The detection of one of the most distant superluminous supernova to have its details observed has provided us with a brief flash of insight into a period known as “cosmic high noon”, the time when star formation in the universe reached its peak.
Supernovae are spectacular enough, but sometimes the universe puts on something extra special – a superluminous supernova, which can be 10 to 100 times brighter than ordinary supernovas. There are so few opportunities to study these events that we're still debating the processes that drive them, so when the Blanco four-meter telescope in Chile detected DES15E2mlf, it was a cause for excitement.
DES15E2mlf comes from a particularly interesting period in the universe's evolution. Some 3.5 billion years after the Big Bang, star formation reached a maximum, before slowly declining as more and more galaxies used up most of their initial gas. The stars that become supernovae, particularly super-luminous ones, have short lifespans, so anything exploding during cosmic high noon formed around the same time.
Since the cosmic high noon was 10 billion years ago, anything we detect from this period is at a distance of 10 billion light-years. It is only because DES15E2mlf was so phenomenally bright, three times brighter than the entire Milky Way, that we are able to see it at all.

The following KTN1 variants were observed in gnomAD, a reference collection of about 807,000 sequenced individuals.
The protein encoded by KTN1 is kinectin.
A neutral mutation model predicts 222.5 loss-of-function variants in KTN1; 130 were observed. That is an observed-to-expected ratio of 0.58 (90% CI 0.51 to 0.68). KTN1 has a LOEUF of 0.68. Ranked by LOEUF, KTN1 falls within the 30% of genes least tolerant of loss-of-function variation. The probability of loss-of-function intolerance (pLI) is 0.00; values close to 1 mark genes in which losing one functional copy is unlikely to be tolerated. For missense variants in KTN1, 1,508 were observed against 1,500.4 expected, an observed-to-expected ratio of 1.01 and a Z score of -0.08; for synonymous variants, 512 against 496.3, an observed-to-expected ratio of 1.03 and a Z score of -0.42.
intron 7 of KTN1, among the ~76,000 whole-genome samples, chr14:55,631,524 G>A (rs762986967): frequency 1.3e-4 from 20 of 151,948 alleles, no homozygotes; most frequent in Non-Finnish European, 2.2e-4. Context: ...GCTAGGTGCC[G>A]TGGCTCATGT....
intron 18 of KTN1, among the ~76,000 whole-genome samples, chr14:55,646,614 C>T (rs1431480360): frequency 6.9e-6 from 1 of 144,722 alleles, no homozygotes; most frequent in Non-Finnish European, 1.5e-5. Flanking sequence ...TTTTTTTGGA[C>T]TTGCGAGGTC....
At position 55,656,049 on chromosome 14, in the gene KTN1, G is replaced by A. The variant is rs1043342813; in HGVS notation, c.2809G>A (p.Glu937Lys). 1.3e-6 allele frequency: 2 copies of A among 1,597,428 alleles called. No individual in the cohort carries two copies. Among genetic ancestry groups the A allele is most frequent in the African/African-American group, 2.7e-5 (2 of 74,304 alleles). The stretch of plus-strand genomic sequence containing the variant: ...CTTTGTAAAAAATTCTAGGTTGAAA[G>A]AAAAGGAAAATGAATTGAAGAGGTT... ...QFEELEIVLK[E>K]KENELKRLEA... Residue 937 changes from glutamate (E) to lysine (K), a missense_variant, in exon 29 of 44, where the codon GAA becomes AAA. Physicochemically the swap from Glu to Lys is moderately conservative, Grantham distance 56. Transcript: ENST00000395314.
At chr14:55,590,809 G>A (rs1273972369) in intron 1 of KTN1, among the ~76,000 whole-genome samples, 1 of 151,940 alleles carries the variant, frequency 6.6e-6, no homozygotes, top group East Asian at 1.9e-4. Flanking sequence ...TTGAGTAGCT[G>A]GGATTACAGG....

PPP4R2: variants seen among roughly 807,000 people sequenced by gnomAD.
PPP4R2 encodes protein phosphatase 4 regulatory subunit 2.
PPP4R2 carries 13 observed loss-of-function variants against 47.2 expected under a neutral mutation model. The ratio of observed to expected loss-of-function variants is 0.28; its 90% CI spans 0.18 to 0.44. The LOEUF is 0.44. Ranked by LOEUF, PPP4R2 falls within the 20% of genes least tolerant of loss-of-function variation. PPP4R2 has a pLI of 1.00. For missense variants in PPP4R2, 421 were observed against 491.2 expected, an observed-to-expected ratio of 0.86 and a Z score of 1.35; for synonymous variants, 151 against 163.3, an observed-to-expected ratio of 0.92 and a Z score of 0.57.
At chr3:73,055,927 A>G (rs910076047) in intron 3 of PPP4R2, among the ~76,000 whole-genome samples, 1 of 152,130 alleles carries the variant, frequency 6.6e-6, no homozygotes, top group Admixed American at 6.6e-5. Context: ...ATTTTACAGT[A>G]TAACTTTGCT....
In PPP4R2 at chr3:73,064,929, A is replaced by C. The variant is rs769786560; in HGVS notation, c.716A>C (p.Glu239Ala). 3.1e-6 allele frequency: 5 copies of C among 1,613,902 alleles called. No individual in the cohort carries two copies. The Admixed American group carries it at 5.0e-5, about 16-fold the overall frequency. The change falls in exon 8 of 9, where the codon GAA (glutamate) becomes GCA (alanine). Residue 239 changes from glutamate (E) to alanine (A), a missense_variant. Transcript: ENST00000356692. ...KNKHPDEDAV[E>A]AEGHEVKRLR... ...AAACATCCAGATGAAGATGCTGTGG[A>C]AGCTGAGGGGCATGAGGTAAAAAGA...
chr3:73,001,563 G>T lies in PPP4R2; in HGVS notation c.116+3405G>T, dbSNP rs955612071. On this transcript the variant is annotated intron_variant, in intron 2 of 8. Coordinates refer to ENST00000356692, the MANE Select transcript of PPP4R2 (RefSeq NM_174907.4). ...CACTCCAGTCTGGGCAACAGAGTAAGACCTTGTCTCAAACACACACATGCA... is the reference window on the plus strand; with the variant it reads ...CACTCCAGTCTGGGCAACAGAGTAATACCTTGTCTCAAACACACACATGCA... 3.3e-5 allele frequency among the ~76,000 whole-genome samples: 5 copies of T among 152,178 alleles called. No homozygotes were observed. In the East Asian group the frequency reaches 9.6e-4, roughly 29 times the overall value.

Already DES15E2mlf has shaken up our understanding of such events, according to a paper in the Monthly Notices of the Royal Astronomical Society. Most previous superluminous supernovae have been in low-mass or dwarf galaxies, but this one is in a galaxy with a mass 3.5 billion times that of the Sun – still much smaller than the Milky Way, but larger than the galaxies that usually host such explosions.
The association between superluminous supernovae and small galaxies has been explained by the low concentrations of elements heavier than helium in these galaxies. The presence of these elements was thought to prevent the formation of such supernovae, but the galaxy in which DES15E2mlf formed would be expected to have been rich in them.
“Even high-mass galaxies had low enough metal content to create these extraordinary stellar explosions,” said study co-author Dr Ryan Foley of the University of California, Santa Cruz, said in a statement. The presence of such a bright supernova in a massive galaxy indicates this was the case at this point in the universe's evolution.
Many questions remain, though. "It's important simply to know that very massive stars were exploding at that time," Foley said. "What we really want to know is the relative rate of superluminous supernovae to normal supernovae, but we can't yet make that comparison because normal supernovae are too faint to see at that distance.”
A sample of the brightest explosions from the same era may give us some answers.